Intense cold is hard on all forms of wildlife, however, some of nature’s creatures are better adapted to deal with this type of adversity than others. Those animals whose geographic range extends well northward into Canada and Alaska have evolved various strategies to cope with prolonged bouts of sub-arctic weather and are quite capable of surviving the unrelenting cold that the Adirondacks has experienced this winter.
Conversely, some components of the Park’s fauna are on the northern fringe of their range and are better suited for functioning in a temperate region, such as southern New York and the mid-Atlantic States. These creatures are probably not faring well this season.
Moose, for example, have long, uniquely hinged legs that are ideally adapted to allow this massive creature to travel in places in which snow may accumulate over three feet in depth. Additionally, their heavy, dense coat provides them with an insulating layer of fur that keeps them warm when temperatures drop to 40 below. On the other hand, the white-tailed deer, with its shorter legs finds movement difficult in settings in which only 15 to 18 inches of snow exist. Also, the fur of deer only provide protection against temperatures in the minus 10 to minus 15 range. Once the mercury drops to 20 below, deer are forced to walk around to generate the body heat needed to maintain a favorable internal temperature. Should deer be unable to travel because of an icy crust, exhaustion, or a lack of energy from malnutrition, it will inevitably succumb to hypothermia and die.
The largest group of animals that remain in the Park throughout winter are the invertebrates, with all of these creatures retreating into some type of shelter during the late summer through mid autumn to wait for favorable conditions in spring. Some bugs instinctively seek out a spot under a piece of bark, inside the sapwood of a twig or small branch, or within the initially decaying matter near the center of an old, or dead tree. Many of these bugs are not only exposed to frigid temperatures for months, but also are forced to contend with the dehydrating effect of polar air. Bugs indigenous to the Park, however, are quite capable of remaining in a dormant state for a protracted winter season without suffering any ill affects. Invasive species that originate from a similar climatic setting in Europe, or Asia, are likewise well adapted to tolerate months of intense cold and especially low humidity levels lethal to many bugs. The invertebrates that have moved northwards over the past several decades are the organisms that are the most vulnerable to such unseasonably cold and dry winter weather.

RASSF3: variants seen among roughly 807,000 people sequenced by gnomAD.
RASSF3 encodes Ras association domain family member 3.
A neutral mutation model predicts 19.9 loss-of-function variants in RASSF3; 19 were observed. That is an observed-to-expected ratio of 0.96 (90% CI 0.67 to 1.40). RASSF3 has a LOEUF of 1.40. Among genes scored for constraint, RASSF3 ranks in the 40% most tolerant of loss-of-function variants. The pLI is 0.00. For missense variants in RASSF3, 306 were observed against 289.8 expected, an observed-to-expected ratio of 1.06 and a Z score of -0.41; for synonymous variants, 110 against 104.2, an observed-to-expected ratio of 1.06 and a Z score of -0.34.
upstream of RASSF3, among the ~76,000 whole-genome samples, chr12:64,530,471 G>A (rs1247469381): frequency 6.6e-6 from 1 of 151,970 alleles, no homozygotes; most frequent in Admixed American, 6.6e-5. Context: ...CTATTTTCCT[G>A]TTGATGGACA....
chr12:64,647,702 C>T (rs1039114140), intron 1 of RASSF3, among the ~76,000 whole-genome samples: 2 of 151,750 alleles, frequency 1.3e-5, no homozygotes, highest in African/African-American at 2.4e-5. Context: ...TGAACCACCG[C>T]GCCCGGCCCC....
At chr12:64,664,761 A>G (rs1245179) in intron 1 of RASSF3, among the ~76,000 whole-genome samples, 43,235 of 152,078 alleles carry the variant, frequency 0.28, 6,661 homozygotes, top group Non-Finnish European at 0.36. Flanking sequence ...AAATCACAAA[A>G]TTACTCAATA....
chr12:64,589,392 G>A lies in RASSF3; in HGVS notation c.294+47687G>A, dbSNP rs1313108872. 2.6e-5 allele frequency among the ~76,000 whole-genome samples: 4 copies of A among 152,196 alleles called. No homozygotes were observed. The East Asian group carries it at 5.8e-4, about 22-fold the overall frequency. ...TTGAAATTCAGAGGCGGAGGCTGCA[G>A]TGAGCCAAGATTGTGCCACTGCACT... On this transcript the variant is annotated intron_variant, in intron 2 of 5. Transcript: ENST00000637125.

Numerous other bugs, and an array of cold-blooded vertebrates, like the spring peeper, toad, wood frog, and red-backed salamander, pass the winter burrowed in the soil and should not be too adversely impacted by our current weather woes. Although it has been unseasonably cold, the snowpack that has blanketed the ground since the start of 2015 has been light, fluffy and in many places fairly deep, which has insulated the soil against the cold. Additionally, there has been a near total lack of thaws this winter. Thaws produce a layer of icy crust that is slightly more thermally conductive compared to snow composed of pure powder. Locations that are routinely plowed, such as roads, parking lots, and driveways, are especially prone for developing a deep frost line. In many of these plowed places this year, the frost extends a half dozen feet below the surface, while in stands of open hardwoods, the temperature may remain above freezing within less than 2 feet of the surface.
Creatures that pass the winter beneath the ice, embedded in the muddy bottom of our ponds, lakes, and marshes are probably unaware of the severity of this winter. Although the depth of the ice on many of these waterways is in excess of two feet, conditions below this transparent covering do not vary much from one year to the next. It is at the bottom of streams and brooks that conditions can fluctuate greatly, as the amount of rain, the number of thaws, and the intensity of the cold that can freeze the surface, all impact winter survival conditions in these waterways. I never attempt to determine how harsh the conditions are at the bottom of streams at this time of year for the various organisms that winter there. I simply wait to find out in the weeks following Memorial Day, as our black flies are great indicators of life in this winter retreat.
The past two winters have not been easy on some forms of wildlife. However, I still hear the male black-capped chickadee singing its “Feee-Be-Be” song early in the morning and the red-breasted nuthatch giving its soft, nasal sounding song during the day. Ravens and a few crows can be seen and heard throughout the winter, indicating there is an adequate amount of food for them to scavenge, and the weather has not been lethal to them yet.
Deer tracks along the sides of highways through the Park do not seem to be as abundant as in previous years, however, this is only my impression, as I have no scientific data to support such a statement. Nature is extremely complex and attempting to determine the impact that one season is having on any given wildlife population is a challenge. I always find it best to simply wait for spring and summer to note what creatures seem to be missing, and which ones are all too numerous.
Illustration: Extremely cold windchill temperatures on February 15, 2015. Courtesy National Weather Service.